"The infallibility of the Guardian is confined to matters which are related strictly to the cause and interpretation of the teachings; he is not an infallible authority on other subjects ... when he gives advice, such as that he gave you in a previous letter about your future, it is not binding: you are free to follow it or not as you please." Directives from the Guardian, p. 34, US Bahá'í News November 1945 (#177), p. 2.
 Will and Testament, p. 12.
 W. M. Miller, The Bahá'í Faith, its History and Teachings, p. 308, for example.
 For example, Ugo Giachery calls him the 'purest channel between man and eternity...' Shoghi Effendi, p. 23.
 Just as confused overstatements of 'Abdu'l-Bahá's role provided ammunition for the covenant-breakers (Dispensation of Bahá'u'lláh, p. 45), so overstatements of the Guardian's station and powers will be impossible to defend against attacks from external critics.
 See also Ugo Giachery, Shoghi Effendi, p. 15.
 For example, in Ugo Giachery's Shoghi Effendi, "...he was open to perception and awareness far beyond the ususal human limitations..." and "...the vision of things to come ... was surely always before his eyes." (p. 78) and, quoting from the diary of O.Z. Whitehead: "...he spoke as if he could see vividly the many tortuous events that would take place over hundreds of years..." (p. 195).
 In addition to the Will and Testament, see Letters from the Guardian to Australia and New Zealand, p. 56: "He is the Guardian of the Cause in the very fullness of that term, and the appointed interpreter of its teachings, and is guided in his decisions to do that which protects it and fosters its growth and highest interests. he always has the right to step in and countermand the decisions of a national assembly; if he did not possess this right he would be absolutely impotent to protect the Faith..."
 Power of the Covenant, part 3, p. 42.
 Wellspring of Guidance, p.52.
 Letters from the Guardian to Australia and New Zealand, p. 23.
 Unfolding Destiny, page 138.
 i.e., the 9 people with the highest number of votes are elected.
 Bahá'í Administration, p. 136, Principles of Bahá'í Administration, p. 67, but see The Light of Divine Guidance, pp. 67-69.
 The passage would seem to show Shoghi Effendi allowing NSAs to change these, but since they are now incorporated into the Constitution of the Universal House of Justice, that is not now possible.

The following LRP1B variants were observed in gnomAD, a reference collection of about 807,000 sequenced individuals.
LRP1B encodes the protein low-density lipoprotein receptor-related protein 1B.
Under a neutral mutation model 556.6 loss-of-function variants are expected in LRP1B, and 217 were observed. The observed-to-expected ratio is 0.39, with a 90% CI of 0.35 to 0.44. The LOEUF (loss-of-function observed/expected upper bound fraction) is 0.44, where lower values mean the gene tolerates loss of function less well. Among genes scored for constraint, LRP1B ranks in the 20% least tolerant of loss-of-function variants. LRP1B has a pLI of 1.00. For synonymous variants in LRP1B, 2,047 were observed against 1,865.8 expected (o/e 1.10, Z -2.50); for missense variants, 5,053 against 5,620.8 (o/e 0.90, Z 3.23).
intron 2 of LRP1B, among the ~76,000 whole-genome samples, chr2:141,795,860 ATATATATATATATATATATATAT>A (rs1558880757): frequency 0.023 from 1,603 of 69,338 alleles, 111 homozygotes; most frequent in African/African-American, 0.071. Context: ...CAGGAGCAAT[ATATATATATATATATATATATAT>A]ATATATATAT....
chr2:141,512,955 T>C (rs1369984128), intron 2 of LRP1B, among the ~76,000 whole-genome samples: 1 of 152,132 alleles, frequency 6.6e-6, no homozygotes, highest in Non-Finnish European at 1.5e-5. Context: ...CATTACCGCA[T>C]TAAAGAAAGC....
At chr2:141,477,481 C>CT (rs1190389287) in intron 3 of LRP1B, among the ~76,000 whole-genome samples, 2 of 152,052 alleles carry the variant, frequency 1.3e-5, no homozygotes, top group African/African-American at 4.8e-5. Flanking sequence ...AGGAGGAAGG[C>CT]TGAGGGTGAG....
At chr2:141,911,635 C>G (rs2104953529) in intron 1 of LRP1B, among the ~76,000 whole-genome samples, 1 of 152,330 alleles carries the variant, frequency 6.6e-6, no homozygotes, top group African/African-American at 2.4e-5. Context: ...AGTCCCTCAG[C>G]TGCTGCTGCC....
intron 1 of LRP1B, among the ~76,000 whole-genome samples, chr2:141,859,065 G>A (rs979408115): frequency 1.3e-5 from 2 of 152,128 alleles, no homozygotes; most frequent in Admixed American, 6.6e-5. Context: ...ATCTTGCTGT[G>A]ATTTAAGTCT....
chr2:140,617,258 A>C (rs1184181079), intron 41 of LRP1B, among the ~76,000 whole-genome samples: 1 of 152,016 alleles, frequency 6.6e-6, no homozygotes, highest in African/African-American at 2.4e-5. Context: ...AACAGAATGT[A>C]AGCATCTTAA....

Directives from the Guardian, p. 29, U.S. Bahá'í News October 1935 (#95) p. 2.
 The Light of Divine Guidance, p. 247.
 Bahá'í Administration, p. 142.
 Letter of 4 Feb. 1937, printed in Lights of Guidance, p. 262, para 699.
 The citation from Shoghi Effendi is from a letter dated 21st March, 1930, printed in The World Order of Bahá'u'lláh, p 23 in the 1974 and 1980 editions.
 Dispensation of Bahá'u'lláh, p. 58.
Will and Testament, p. 20.
 High Endeavours, p. 35.
 See The Promise of World Peace, Open letter from the Universal House of Justice, October 1985, last paragraph of Section II.
 Wellspring of Guidance, p. 86: "He obviously envisaged their functioning together..."
 Incidentally, this question is quite distinct from the question of whether Shoghi Effendi followed the command of the Aqdas that every believer should write a will. The 'will', as defined in the Aqdas, is an obligatory statement of faith. The requirement that the Guardian should elect a successor is contained in the Will and Testament of 'Abdu'l-Bahá, p. 12:
It is incumbent upon the Guardian of the Cause of God to appoint in his own life-time him that shall become his successor ... The Hands of the Cause of God must elect from their own number nine persons ... and these, whether unanimously or by a majority vote, must give their assent to the choice of the one whom the Guardian of the Cause of God hath chosen as his successor.
If the Hands of the Cause were to have the opportunity to disagree with the Guardian's choice, the guardian-designate would have had to have been presented to them while the Guardian lived.
 See also Messages to the Bahá'í World, pp. 16, 25.
 See Dispensation of Bahá'u'lláh, p. 6: "Upon our present-day efforts ... must depend the efficacy of the instruments ... that must erect the structure of [the] Commonwealth."
 Dispensation of Bahá'u'lláh, p. 61.
 Ugo Giachery, in Shoghi Effendi, records an interesting distinction between the principle of heredity and the personal status of the one holding hereditary office.
 Dispensation of Bahá'u'lláh, p. 52. see also God Passes By, p. 325.
 Dispensation of Bahá'u'lláh, p. 23, Bahá'í Administration, p. 185.
 Since the essay was written I have found the following answer to this question, in a letter written on Shoghi Effendi's behalf and published in the American Bahá'í News #71, Feb 1933, p1-2: "He has also said that whenever he has something of importance to say, he invariably communicates it to the National Spiritual Assembly or in his general letters. His personal letters to individual friends are only for their personal benefit and even though he does not want to forbid their publication, he does not wish them to be used too much by the Bahá'í News."
 Wellspring of Guidance, p. 53, and quoted above.
 Bahá'í Administration, pp. 84-5.
 The Light of Divine Guidance, pp. 156-7.
 Bahá'í Administration, p. 42.